So, for the past few weeks, I've been saying I'd make him his very own batch. The measure of how tasty these cookies are is that Deb at Smitten Kitchen had just written a post on thick, chewy oatmeal cookies, but it didn't really sway me away from the orange cranberry ones. Everything I've made from Smitten Kitchen has been delicious, and usually if Deb recommends something, I make it immediately. (Okay, maybe not when she's writing about steak or meatball sliders, as she has this week, but I've made many of her non-meaty recipes and have been very happy with them.) And under other circumstances, I would have gone ahead and made her cookies.

But the siren song of the cranberry orange ones was too strong. (That, and Alex kept saying, "Where are my cookies?") So, yesterday, pre-snowstorm, I indulged. Partly because it was a good cookie-baking kind of day and partly because I hoped that the second batch could signify (and celebrate) the end of the car crisis. (My car drives quite beautifully with the new clutch, and while Alex's new (used) car is not yet in his possession, he has at least identified it and should have it soon. )

I didn't take any photos, which I know is bad, but, well, the cookies look like oatmeal cookies. If you've ever made oatmeal cookies, you know what these look like. They're not glamorous, but they're definitely delicious. And you definitely don't have to wait til you have a car crisis (or a snow day) to make them.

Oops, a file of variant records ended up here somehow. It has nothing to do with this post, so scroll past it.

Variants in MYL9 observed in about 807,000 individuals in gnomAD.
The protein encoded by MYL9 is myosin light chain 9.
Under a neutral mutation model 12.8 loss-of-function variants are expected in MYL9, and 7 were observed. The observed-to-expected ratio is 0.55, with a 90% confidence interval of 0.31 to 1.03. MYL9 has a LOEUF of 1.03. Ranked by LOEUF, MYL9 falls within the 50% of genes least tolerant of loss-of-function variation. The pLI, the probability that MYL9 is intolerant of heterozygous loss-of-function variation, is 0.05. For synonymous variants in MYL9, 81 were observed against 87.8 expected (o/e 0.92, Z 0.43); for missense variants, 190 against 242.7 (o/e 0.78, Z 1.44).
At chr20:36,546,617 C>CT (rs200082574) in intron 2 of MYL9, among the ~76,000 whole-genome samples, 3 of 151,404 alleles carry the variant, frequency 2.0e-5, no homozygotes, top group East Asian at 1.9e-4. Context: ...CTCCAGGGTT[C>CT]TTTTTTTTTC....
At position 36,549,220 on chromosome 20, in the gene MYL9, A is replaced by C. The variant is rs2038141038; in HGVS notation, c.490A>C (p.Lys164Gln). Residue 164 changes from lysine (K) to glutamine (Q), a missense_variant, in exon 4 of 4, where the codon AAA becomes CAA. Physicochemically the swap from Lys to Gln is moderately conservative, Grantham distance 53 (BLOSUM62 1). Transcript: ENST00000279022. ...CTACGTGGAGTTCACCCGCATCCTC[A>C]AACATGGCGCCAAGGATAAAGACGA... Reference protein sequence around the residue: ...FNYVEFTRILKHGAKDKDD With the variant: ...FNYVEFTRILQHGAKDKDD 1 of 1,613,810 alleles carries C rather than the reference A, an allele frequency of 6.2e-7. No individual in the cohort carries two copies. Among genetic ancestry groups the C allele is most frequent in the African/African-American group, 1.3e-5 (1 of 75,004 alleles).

Oatmeal Cranberry Orange Cookies
Basic recipe from The Silver Palate Cookbook;
tweaks from Lisa Peet
(Additional commentary from me)

12 tbsps. (1-1/2 sticks) butter
1/2 cup granulated sugar
1 cup brown sugar (I've used both light and dark--both good, though slightly different)
1 egg
2 tbsps. water
1 tsp. vanilla extract
grated zest of one orange
2/3 cup all-purpose flour (I used 1/3 cup whole wheat pastry flour and couldn't tell the difference.)
1 tsp. ground cinnamon
1/2 tsp. salt
1/2 tsp. baking soda
3 cups quick-cooking oats
1-1/2 cups dried cranberries (I used 1 cup cranberries, 1/2 cup raisins, just for variety's sake.)

1. Preheat oven to 350°.

2. Cream butter and both sugars until fluffy. Add egg and beat thoroughly. Mix in water, vanilla, and orange zest.

3. Sift together flour, cinnamon, salt, and baking soda; add to the egg mixture and mix well. Add oats and cranberries or raisins, and mix.

4. Use either greased cookie sheets or ungreased cookie sheets lined with a Silpat or parchment paper. (I only have 1 Silpat, so I do one that way and one with parchment.) Form cookies on cookie sheets. I made small-ish cookies, but you can also do giant cookies with an ice cream scoop. The recipe makes between 3 and 3 1/2 dozen small to regular cookies. Bake 12-14 minutes for smaller cookies, 14-17 minutes for giant ones. (The original recipe says 10-12 minutes for the smaller ones, but they weren't done yet at 12 minutes.)

1 comment:

Lisa said...

Those cookies! They were fabulous, weren't they? And the other part of the batch that I brought the first time I met you went by mail to J, back when we were first corresponding... and now we live together, so I guess they really are great. I need to make another batch soon.